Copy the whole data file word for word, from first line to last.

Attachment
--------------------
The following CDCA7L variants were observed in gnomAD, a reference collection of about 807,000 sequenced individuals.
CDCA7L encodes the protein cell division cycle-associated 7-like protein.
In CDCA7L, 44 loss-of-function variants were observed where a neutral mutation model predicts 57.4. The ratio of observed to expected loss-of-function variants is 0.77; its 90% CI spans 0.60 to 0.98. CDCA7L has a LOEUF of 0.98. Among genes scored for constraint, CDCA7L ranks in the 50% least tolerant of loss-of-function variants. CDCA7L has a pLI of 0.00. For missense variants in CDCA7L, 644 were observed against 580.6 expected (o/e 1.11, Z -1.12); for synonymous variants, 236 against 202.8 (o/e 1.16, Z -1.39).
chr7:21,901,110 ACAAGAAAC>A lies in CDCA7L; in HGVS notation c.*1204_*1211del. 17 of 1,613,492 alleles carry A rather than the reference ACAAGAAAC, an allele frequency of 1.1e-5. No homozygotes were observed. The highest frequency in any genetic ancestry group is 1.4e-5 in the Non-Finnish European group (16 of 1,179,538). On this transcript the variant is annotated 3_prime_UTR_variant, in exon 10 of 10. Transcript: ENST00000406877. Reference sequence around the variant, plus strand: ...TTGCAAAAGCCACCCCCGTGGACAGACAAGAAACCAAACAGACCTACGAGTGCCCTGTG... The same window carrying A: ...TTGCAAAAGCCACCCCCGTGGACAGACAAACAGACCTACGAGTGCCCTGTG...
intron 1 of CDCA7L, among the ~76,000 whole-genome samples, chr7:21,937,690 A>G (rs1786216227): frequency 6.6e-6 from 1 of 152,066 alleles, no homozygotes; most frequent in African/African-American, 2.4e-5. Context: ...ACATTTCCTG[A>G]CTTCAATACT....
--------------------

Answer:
The following CDCA7L variants were observed in gnomAD, a reference collection of about 807,000 sequenced individuals.
CDCA7L encodes the protein cell division cycle-associated 7-like protein.
In CDCA7L, 44 loss-of-function variants were observed where a neutral mutation model predicts 57.4. The ratio of observed to expected loss-of-function variants is 0.77; its 90% CI spans 0.60 to 0.98. CDCA7L has a LOEUF of 0.98. Among genes scored for constraint, CDCA7L ranks in the 50% least tolerant of loss-of-function variants. CDCA7L has a pLI of 0.00. For missense variants in CDCA7L, 644 were observed against 580.6 expected (o/e 1.11, Z -1.12); for synonymous variants, 236 against 202.8 (o/e 1.16, Z -1.39).
chr7:21,901,110 ACAAGAAAC>A lies in CDCA7L; in HGVS notation c.*1204_*1211del. 17 of 1,613,492 alleles carry A rather than the reference ACAAGAAAC, an allele frequency of 1.1e-5. No homozygotes were observed. The highest frequency in any genetic ancestry group is 1.4e-5 in the Non-Finnish European group (16 of 1,179,538). On this transcript the variant is annotated 3_prime_UTR_variant, in exon 10 of 10. Transcript: ENST00000406877. Reference sequence around the variant, plus strand: ...TTGCAAAAGCCACCCCCGTGGACAGACAAGAAACCAAACAGACCTACGAGTGCCCTGTG... The same window carrying A: ...TTGCAAAAGCCACCCCCGTGGACAGACAAACAGACCTACGAGTGCCCTGTG...
intron 1 of CDCA7L, among the ~76,000 whole-genome samples, chr7:21,937,690 A>G (rs1786216227): frequency 6.6e-6 from 1 of 152,066 alleles, no homozygotes; most frequent in African/African-American, 2.4e-5. Context: ...ACATTTCCTG[A>G]CTTCAATACT....